The present invention is directed to overcoming the problems set forth above. It is desirable to have a seal assembly for a metallic housing that can be overmolded with a protective plastic or elastomeric covering that is molecularly bonded to a compositionally compatible rigid plastic member providing a reaction surface for a seal member externally disposed about the metallic housing. It is also desirable to have such an assembly that is easy to produce and assemble and does not require a large number of added components in the structure. Also, it is desirable to have such a seal assembly wherein the overmolded cover extending around at least a portion of the metallic housing, is also molecularly bonded to the external jacket of an electrical cable assembly or to the outer surface of a hose or a pipe.
In accordance with one aspect of the present invention, a static seal assembly has a metal housing in which at least one groove is provided in an external cylindrical surface of the housing. The static seal assembly also includes a seal member disposed in each one of the grooves provided in the cylindrical outer surface, and a rigid shell encompassing a defined portion of the metal housing and compressing the seal member between the shell and the housing by an amount sufficient to prevent fluid leakage around the seal member. The static seal assembly further comprises an overmolded cover that is disposed in surrounding relationship around the rigid shell and encompasses at least a portion of the metal housing. The overmolded cover is molecularly bonded to the rigid shell and is in intimate contact with the aforementioned portion of the metal housing.
Other features of the static seal assembly embodying the present invention include the housing having three axially aligned grooves with a seal member disposed in each of the grooves. Other features include the seal members being O-rings and the rigid shell being formed of a glass-filled polyurethane, polyethylene or nylon, and the overmolded cover being respectively formed of polyurethane, polyethylene or nylon.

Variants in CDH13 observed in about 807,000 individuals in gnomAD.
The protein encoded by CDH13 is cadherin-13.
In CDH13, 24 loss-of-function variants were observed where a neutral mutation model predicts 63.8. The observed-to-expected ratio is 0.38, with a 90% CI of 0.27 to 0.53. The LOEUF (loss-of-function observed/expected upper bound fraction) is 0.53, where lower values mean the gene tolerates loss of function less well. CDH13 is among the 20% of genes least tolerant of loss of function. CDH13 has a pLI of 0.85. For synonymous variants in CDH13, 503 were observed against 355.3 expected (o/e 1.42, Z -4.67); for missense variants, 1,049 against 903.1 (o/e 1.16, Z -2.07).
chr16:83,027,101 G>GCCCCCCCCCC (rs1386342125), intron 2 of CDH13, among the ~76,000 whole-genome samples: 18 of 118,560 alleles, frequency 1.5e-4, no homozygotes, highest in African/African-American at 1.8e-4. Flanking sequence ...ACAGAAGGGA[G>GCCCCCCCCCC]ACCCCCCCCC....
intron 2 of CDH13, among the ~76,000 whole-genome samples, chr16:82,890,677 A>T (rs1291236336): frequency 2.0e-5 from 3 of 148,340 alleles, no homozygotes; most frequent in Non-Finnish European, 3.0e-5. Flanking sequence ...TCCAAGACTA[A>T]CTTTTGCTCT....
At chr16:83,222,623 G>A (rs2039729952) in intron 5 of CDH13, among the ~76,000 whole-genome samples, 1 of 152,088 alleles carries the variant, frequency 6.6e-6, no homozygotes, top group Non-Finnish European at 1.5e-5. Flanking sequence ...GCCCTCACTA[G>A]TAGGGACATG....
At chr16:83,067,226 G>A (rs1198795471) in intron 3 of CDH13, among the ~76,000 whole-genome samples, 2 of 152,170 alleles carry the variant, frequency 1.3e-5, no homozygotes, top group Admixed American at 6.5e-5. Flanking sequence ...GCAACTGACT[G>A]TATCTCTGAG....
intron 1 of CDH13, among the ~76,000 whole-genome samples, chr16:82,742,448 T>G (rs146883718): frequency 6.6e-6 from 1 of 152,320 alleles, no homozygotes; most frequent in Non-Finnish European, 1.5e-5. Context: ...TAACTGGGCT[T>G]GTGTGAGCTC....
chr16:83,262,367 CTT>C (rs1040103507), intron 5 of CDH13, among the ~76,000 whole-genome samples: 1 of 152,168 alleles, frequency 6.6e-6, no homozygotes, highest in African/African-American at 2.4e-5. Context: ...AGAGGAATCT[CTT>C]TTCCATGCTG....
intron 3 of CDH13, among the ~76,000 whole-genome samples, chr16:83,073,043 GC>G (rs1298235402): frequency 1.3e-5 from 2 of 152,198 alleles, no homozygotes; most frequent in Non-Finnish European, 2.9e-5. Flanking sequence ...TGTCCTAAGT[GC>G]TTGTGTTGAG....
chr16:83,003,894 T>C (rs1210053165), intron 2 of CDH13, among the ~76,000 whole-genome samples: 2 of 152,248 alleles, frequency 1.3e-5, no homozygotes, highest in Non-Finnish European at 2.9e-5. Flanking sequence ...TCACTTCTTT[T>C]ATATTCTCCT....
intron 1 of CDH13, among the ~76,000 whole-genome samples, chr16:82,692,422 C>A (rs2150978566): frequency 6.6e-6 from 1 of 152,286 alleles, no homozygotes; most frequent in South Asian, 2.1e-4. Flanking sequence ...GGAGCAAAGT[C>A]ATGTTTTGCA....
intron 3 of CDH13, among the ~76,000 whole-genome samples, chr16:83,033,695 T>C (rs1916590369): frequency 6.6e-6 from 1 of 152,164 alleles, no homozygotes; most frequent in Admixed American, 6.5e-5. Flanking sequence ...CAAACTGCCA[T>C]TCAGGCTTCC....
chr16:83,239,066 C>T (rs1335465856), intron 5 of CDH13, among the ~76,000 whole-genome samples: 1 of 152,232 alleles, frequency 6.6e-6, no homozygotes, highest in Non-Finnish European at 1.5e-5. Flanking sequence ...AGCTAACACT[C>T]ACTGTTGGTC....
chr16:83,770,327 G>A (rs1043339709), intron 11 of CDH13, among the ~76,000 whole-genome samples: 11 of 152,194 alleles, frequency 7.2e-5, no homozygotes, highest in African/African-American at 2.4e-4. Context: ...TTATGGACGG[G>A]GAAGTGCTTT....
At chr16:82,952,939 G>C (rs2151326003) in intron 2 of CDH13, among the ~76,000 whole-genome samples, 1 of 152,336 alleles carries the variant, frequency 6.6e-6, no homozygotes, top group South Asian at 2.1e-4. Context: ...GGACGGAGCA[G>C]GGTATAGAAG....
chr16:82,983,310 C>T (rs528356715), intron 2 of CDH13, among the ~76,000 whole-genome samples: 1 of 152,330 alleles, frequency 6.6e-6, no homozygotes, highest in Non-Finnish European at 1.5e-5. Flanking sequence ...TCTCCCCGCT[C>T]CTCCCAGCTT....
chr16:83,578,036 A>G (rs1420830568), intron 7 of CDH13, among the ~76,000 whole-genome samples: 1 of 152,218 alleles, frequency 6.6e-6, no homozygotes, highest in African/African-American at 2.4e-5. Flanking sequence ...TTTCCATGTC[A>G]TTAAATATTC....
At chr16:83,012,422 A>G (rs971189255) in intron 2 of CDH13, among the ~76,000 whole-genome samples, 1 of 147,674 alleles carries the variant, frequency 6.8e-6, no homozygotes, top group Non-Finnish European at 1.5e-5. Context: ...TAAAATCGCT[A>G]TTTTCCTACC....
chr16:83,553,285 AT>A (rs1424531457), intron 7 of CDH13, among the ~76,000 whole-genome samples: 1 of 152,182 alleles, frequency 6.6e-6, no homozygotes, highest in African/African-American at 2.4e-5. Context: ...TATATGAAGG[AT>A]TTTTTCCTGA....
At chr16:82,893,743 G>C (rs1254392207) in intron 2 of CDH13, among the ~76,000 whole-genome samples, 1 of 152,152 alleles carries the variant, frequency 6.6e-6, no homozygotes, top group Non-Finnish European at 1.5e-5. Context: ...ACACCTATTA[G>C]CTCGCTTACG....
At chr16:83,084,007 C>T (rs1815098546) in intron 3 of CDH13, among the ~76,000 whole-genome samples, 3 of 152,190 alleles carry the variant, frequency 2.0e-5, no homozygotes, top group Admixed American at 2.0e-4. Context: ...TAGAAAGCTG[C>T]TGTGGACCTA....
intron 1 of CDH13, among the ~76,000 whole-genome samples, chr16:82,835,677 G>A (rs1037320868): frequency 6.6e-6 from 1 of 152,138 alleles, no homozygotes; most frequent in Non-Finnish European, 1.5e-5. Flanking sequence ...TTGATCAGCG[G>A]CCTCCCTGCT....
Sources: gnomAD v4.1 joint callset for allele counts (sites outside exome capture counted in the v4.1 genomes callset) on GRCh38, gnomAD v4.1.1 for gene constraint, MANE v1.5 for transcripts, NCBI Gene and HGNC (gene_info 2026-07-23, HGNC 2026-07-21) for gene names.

In accordance with another aspect of the present invention, a seal assembly for an underwater electrical connector attached to an electrical cable includes a metal housing having a cylindrical outer surface, a first end adapted to receive the electrical cable therethrough, a second end adapted to receive an electrical contact assembly therein and join with a mating connector, and at least one groove formed in the cylindrical outer surface. The seal assembly for an underwater electrical connector further includes a seal member disposed in the groove, or grooves, defined in the cylindrical outer surface of the metal housing. A rigid shell is disposed in encompassing relationship over a predefined portion of the metal housing and compresses the static seal member by an amount sufficient to prevent fluid leakage. The seal assembly for an underwater electrical connector also includes an overmolded cover that surrounds the rigid shell and encompasses at least a portion of the metal housing and the electrical cable. The overmolded cover is molecularly bonded to the rigid shell and to a portion of the plastic covering of the electrical cable, and is in intimate contact with a portion of the metal housing.
A more complete understanding of the structure and operation of the present invention may be had by reference to the following detailed description when taken in conjunction with the single drawing FIGURE, which is a side view of an underwater electrical connector, showing the components of the seal assembly embodying the present invention in section and the cable and other components of the connector in elevation.